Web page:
NEWARK, Calif., June 19, 2014 (GLOBE NEWSWIRE) -- StemCells, Inc. (Nasdaq:STEM) reported positive interim results from its Phase I/II clinical trial of the Company's proprietary HuCNS-SC ® human neural stem cell platform in dry age-related macular degeneration (AMD) yesterday evening at the 12 th annual meeting of the International Society for Stem Cell Research (ISSCR) in Vancouver, Canada.
- Interim trial results show a 65 percent reduction in the rate of geographic atrophy (GA) in the study eye when compared to the expected natural history of the disease as well as a 70 percent reduction in the rate of GA when compared to the control eye.
- GA is the progressive loss of two important retinal tissue layers, the photoreceptors and the retinal pigmented epithelium. This degeneration is the cause of vision loss in dry AMD.
- Interim results also indicate improvements in visual function, as measured by the ability to distinguish shades of light versus dark, also referred to as "contrast sensitivity."
- Contrast sensitivity was improved in four of the seven patients and remained stable in the other three patients.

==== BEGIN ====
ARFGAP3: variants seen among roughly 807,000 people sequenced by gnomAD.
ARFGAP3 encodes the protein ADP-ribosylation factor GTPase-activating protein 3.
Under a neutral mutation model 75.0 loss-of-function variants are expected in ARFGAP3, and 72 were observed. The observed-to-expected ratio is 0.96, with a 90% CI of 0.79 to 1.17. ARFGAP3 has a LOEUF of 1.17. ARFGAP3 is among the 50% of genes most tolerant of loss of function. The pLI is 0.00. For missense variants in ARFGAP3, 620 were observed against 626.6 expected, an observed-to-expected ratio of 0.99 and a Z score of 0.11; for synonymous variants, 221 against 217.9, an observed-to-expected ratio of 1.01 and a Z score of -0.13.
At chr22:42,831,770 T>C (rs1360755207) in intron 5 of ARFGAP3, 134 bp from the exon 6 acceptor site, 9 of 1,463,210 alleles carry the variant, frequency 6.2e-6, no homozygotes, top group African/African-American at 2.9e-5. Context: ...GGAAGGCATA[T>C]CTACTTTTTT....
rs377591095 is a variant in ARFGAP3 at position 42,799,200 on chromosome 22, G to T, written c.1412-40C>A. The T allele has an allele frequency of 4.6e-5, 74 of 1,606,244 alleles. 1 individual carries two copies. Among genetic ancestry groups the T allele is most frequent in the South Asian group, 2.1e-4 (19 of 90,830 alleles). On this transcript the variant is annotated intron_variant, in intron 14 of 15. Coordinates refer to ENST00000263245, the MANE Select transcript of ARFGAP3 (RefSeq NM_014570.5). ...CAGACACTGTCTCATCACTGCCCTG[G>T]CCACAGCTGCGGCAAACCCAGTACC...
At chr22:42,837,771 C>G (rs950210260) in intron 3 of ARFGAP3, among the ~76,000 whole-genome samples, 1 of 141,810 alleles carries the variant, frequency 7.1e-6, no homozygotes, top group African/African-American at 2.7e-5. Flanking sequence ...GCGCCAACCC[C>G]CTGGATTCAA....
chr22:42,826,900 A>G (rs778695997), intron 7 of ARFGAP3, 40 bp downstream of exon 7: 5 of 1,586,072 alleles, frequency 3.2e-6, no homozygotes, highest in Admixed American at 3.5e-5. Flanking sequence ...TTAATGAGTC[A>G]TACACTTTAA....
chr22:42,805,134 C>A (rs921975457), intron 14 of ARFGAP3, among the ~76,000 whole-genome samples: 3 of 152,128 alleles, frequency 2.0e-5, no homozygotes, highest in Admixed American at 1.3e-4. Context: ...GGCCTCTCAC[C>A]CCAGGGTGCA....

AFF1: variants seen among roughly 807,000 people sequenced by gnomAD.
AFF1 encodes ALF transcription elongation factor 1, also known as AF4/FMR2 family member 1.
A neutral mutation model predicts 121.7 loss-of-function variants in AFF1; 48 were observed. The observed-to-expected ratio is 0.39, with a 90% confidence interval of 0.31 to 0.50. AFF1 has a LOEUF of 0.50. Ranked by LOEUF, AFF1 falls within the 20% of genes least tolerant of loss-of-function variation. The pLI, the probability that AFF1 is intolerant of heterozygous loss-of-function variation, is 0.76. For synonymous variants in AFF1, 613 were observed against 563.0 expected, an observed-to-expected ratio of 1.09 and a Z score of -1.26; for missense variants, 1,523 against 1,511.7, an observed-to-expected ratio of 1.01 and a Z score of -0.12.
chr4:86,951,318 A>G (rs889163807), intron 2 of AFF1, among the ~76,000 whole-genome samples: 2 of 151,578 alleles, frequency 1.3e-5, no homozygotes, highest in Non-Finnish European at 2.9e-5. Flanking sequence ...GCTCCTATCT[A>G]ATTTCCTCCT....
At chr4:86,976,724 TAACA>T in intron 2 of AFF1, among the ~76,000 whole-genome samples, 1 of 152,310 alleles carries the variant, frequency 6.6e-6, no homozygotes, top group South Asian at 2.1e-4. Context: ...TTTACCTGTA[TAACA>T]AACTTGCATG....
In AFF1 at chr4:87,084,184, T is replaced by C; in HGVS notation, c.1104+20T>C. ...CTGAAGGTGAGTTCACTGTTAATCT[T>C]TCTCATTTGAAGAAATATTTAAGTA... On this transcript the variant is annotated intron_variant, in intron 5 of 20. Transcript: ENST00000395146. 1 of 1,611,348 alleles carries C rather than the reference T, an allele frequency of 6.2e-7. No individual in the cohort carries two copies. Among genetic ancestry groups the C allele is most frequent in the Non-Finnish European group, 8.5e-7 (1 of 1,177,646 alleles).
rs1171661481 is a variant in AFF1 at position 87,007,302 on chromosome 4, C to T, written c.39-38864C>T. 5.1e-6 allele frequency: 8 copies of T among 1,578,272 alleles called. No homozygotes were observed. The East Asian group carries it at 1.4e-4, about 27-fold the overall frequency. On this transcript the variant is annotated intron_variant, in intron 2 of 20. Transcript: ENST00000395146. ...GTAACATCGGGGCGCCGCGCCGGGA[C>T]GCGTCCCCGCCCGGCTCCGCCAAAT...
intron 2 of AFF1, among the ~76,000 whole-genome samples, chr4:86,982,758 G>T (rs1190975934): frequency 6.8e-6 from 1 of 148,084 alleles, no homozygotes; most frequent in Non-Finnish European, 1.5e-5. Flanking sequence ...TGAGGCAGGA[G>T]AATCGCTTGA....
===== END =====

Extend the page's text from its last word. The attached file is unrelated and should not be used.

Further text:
- The interim analysis is based on a minimum follow up of at least 6 months and demonstrates a favorable safety profile for administration of the HuCNS-SC cells into the sub-retinal space of the study eye.
"The interim data are very encouraging from two separate perspectives. First, the reduction in the rate of geographic atrophy suggests the HuCNS-SC cells are affecting the underlying cause of AMD. Secondly, the data demonstrates there are increases in contrast sensitivity, which is a vital aspect of visual function," said Stephen Huhn, M.D., FACS, FAAP, vice president, CNS clinical research and chief medical officer at StemCells, Inc. "Impacting the progression of GA and enhancing visual function could have a very meaningful impact on the quality of life for AMD patients and the results to date strongly support our plans to initiate a randomized, controlled, Phase II proof-of-concept trial later this year."